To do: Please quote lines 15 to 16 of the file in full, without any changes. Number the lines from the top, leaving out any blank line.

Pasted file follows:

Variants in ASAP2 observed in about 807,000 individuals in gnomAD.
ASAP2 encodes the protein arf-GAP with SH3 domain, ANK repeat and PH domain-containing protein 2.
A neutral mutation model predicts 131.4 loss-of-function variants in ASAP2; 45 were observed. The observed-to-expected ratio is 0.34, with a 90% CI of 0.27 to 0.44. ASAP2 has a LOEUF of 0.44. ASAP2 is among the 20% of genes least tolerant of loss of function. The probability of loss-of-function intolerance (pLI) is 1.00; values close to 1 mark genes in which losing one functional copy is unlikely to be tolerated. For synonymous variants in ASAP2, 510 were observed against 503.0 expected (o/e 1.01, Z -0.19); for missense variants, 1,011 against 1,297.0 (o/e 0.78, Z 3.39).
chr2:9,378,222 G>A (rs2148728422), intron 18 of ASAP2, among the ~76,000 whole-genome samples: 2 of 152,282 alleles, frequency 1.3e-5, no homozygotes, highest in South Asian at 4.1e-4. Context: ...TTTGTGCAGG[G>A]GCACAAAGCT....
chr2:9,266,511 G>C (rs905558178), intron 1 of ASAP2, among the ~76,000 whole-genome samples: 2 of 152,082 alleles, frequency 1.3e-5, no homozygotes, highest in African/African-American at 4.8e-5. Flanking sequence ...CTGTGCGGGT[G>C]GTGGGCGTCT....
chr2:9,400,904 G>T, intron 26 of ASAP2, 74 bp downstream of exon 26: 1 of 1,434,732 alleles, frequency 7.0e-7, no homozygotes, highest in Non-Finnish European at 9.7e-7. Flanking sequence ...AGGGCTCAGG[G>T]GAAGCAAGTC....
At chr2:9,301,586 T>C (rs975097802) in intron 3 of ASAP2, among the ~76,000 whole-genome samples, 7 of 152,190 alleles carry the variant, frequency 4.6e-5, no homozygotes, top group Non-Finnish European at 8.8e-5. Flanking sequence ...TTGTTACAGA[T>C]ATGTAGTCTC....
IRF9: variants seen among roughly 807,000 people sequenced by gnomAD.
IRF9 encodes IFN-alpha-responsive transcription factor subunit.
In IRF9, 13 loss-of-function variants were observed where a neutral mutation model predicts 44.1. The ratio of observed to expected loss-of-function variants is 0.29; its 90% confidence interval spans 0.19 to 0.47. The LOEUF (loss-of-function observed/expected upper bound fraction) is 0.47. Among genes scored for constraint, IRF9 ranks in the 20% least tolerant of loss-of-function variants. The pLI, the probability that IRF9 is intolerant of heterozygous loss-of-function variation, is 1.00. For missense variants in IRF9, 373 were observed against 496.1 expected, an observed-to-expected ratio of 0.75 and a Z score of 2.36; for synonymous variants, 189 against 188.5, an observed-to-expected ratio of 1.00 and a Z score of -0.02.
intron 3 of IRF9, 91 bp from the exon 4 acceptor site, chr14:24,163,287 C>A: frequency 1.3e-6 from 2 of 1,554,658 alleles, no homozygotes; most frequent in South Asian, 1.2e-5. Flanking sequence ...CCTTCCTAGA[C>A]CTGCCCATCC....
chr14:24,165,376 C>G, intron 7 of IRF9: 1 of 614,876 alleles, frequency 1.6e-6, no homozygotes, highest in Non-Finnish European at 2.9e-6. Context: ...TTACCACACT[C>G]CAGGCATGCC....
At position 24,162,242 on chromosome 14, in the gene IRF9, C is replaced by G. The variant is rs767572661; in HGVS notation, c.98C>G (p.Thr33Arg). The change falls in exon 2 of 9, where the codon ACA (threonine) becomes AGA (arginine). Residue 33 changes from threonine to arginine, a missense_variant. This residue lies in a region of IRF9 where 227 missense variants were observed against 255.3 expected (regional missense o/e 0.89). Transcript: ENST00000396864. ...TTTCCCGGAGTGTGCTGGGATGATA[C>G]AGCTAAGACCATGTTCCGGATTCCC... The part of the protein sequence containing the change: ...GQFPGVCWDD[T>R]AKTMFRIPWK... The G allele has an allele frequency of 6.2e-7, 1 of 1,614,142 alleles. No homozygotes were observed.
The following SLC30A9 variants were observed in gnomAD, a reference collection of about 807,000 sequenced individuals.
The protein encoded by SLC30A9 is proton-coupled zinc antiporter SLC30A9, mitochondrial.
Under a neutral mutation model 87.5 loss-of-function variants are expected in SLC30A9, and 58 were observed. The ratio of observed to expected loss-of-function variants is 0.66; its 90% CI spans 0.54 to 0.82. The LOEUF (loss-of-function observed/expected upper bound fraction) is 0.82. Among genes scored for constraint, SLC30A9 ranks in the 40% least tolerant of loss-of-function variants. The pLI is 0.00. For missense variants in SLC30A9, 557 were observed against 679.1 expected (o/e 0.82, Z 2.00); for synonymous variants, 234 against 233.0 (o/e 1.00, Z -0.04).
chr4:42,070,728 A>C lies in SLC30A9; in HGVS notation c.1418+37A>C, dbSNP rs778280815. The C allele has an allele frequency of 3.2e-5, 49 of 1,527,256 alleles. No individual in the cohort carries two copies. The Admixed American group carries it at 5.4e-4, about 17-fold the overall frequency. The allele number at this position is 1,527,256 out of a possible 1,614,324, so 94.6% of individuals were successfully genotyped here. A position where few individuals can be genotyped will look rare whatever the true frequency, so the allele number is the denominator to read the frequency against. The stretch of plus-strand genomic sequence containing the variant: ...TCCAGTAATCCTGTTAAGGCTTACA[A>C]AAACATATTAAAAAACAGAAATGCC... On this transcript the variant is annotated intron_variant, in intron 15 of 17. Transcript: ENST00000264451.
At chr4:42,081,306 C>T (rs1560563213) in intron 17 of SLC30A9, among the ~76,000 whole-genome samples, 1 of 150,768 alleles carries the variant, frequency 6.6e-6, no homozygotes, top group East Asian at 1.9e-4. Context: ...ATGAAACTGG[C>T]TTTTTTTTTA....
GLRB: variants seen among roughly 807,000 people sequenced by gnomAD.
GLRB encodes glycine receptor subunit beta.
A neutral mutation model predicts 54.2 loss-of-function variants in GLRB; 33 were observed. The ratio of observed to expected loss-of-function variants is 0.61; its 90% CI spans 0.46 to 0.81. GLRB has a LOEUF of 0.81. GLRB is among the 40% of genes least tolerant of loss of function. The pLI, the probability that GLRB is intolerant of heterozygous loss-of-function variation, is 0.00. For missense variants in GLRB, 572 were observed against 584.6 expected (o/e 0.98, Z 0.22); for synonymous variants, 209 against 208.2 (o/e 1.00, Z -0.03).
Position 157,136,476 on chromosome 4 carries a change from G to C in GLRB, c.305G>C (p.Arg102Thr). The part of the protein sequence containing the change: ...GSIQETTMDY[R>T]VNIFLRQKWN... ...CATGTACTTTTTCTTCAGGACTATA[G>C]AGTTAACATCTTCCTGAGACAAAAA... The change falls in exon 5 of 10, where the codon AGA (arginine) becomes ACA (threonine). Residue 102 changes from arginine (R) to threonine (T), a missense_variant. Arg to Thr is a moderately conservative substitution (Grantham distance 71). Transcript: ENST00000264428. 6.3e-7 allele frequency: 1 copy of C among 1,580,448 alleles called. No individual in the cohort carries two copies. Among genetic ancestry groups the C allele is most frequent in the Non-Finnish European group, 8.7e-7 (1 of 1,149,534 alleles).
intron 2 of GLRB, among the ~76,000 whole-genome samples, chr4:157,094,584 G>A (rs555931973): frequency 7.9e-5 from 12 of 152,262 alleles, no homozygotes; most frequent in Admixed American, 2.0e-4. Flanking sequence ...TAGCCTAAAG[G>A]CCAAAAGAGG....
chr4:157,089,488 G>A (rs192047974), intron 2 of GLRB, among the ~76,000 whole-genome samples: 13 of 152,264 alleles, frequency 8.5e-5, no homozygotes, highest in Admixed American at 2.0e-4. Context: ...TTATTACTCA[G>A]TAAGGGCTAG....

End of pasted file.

The protein encoded by SLC30A9 is proton-coupled zinc antiporter SLC30A9, mitochondrial.
Under a neutral mutation model 87.5 loss-of-function variants are expected in SLC30A9, and 58 were observed. The ratio of observed to expected loss-of-function variants is 0.66; its 90% CI spans 0.54 to 0.82. The LOEUF (loss-of-function observed/expected upper bound fraction) is 0.82. Among genes scored for constraint, SLC30A9 ranks in the 40% least tolerant of loss-of-function variants. The pLI is 0.00. For missense variants in SLC30A9, 557 were observed against 679.1 expected (o/e 0.82, Z 2.00); for synonymous variants, 234 against 233.0 (o/e 1.00, Z -0.04).